Written by Jasmine A Koster
Photography by Tristan Schmidt
With strongly opposing views on both sides of the argument and a great deal of misinformation out there, it can be difficult to discern whether genetically modified organisms, or GMOs, are the right option to include in your family’s healthy, well balanced diet. There’s a strong advocacy towards promoting the right to know whether foods contain GMO’s or not, so it’s really up to individuals to educate themselves and make their own choices.
How do GMOs Affect Humans?
Let’s start with what the Pro-GMO advocates say. Potential benefits with examples include better crop resistance to environmental stresses such as pests; more nutritious staple foods by inserting genes that induce vitamin A production; and increased productivity in farm animals by genetically modifying cows to produce more milk. Other benefits include producing more food on less land, which is important for reducing deforestation; improved bioremediation methods; longer shelf lives; production of biofuels; curing deadly diseases by modifying genes and developing vaccines; and feeding a rapidly growing, yet currently starving, world population. All of these would affect humans in a theoretically positive way by increasing crop production rates per acre, nutrition, and reducing disease.
Here’s a video on Golden Rice, excerpted from Globalization 101.
Non-GMO advocates cite a possible damage to biodiversity, the possibility of super-weeds becoming highly invasive and cross breeding with other organisms; unknown and possibly disastrous health effects; possible creation of novel viruses and toxins with unknown repercussions, concerns for a lack of labeling leading to fatal allergic reactions or untold health effects, concerns for the rights and future of traditional & organic farmers, and concerns from animal rights groups. All of these would theoretically affect humans in a negative way by harming the lands and species we coexist with, introducing unknown toxins, health effects, and viruses, and causing allergic reactions.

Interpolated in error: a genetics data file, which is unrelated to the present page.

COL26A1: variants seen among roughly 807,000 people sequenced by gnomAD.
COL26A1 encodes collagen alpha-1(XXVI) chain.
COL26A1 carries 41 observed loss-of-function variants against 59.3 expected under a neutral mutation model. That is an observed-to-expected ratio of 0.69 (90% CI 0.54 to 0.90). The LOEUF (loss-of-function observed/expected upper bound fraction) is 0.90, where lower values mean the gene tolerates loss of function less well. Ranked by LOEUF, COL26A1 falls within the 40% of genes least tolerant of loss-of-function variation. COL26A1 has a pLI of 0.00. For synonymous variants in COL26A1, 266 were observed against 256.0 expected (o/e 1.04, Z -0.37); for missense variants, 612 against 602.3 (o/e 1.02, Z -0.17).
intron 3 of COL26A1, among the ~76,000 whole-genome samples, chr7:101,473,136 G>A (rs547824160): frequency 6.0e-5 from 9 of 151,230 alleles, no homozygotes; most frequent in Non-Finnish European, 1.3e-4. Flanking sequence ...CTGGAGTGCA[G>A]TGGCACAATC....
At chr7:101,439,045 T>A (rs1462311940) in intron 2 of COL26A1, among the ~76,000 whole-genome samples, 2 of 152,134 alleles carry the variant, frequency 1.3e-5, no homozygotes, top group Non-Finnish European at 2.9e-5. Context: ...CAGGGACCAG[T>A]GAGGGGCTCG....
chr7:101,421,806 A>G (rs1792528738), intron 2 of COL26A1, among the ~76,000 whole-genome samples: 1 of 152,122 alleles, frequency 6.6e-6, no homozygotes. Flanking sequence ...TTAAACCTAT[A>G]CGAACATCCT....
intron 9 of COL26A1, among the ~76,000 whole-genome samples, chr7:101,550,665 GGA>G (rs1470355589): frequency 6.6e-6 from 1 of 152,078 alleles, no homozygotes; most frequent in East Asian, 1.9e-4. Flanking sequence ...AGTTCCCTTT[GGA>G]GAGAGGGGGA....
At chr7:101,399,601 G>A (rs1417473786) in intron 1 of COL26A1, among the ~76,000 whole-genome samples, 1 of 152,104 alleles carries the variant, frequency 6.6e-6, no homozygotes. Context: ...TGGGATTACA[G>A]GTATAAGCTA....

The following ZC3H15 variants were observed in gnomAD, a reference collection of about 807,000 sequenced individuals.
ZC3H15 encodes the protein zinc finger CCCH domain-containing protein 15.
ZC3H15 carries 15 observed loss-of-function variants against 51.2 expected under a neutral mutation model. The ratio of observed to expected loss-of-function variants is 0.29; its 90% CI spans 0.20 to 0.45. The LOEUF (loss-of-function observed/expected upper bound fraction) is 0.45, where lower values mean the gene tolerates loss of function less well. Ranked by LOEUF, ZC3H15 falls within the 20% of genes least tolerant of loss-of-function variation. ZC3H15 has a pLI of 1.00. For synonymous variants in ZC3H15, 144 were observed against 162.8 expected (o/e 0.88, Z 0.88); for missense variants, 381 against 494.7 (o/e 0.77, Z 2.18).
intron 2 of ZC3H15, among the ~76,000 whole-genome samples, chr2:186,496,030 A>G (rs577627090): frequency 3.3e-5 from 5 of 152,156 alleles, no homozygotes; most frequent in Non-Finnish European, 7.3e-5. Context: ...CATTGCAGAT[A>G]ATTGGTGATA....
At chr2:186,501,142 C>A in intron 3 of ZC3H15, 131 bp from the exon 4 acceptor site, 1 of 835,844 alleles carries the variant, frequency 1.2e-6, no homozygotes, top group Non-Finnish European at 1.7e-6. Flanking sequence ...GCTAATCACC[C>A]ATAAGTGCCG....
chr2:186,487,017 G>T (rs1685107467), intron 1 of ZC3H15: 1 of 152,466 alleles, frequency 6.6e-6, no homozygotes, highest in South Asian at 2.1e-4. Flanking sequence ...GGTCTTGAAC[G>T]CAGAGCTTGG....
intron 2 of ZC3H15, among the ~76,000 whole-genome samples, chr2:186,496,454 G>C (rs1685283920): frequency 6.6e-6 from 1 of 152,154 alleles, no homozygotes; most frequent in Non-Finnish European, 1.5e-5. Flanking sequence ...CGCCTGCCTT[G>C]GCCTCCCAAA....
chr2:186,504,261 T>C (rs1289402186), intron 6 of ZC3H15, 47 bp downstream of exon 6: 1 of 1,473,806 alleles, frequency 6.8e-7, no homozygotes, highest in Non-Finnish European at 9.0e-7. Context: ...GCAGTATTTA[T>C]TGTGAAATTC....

GMO’s can also negatively effect a country’s economy. Japan recently suspended imports of US grown wheat when it found the modified wheat in an import shipment from the US.
Here’s a video detailing an independent experiment done on rats fed GMOs.
What can Unconventional Families such as Yourselves do About it?
First, visit PBS’ Harvest of Fear series to decide if GMO’s are right for you. It features 12 articles, 6 from each side, and it’s interactive. I highly recommend checking it out so you can decide for yourselves whether GMO’s are right for your family.
If you and your family decide to support GMO’s, make your food choices as usual without making any special changes. GMOs are everywhere and in many unlabeled staple foods, processed foods, produce items, and medicines. Some staples include GMO’s such as some varieties of corn, soybeans, canola, cottonseed, sugar beets, most Hawaiian Papaya, but this isn’t an exhaustive list. You can also advocate for the benefits of GMOs.
If you decide GMO’s aren’t for your family, the first step is changing the foods you eat.
Try choosing foods labeled Non GMO Project verified, choosing USDA organic labeled foods, avoiding at-risk ingredients, and supporting local farmers. Find a farmer’s market near you and ask if you aren’t sure the produce is non-gmo and organic. You can also, should you advocate for the right to know if foods are gmo or a non-gmo lifestyle, host a showing of ‘The World According to Monsanto.’
A closing note as you question how do GMO’s affect humans?
Remember that you support the financial success of every product that you buy by essentially donating your money to it. At the same time you’re advertising the message to those around you who observe you using it, “I agree with the morals and motives of this company, this product is popular and tasty, buy it.”
And check out this little known experiment carried out by a farmer:
Just for fun, check out this video on the amazing, efficient, and ancient technology of aquaponics, with which this skilled farmer produces a million pounds of food a year…year round….on just three acres of land:
Pro GMO Sources:
Not-So Pro GMO Sources:
Thank you Jasmine for sharing your insights and research into how GMO’s affect humans.
Discover more from Jasmine Koster at her blog where she writes about inspired, proactive living.
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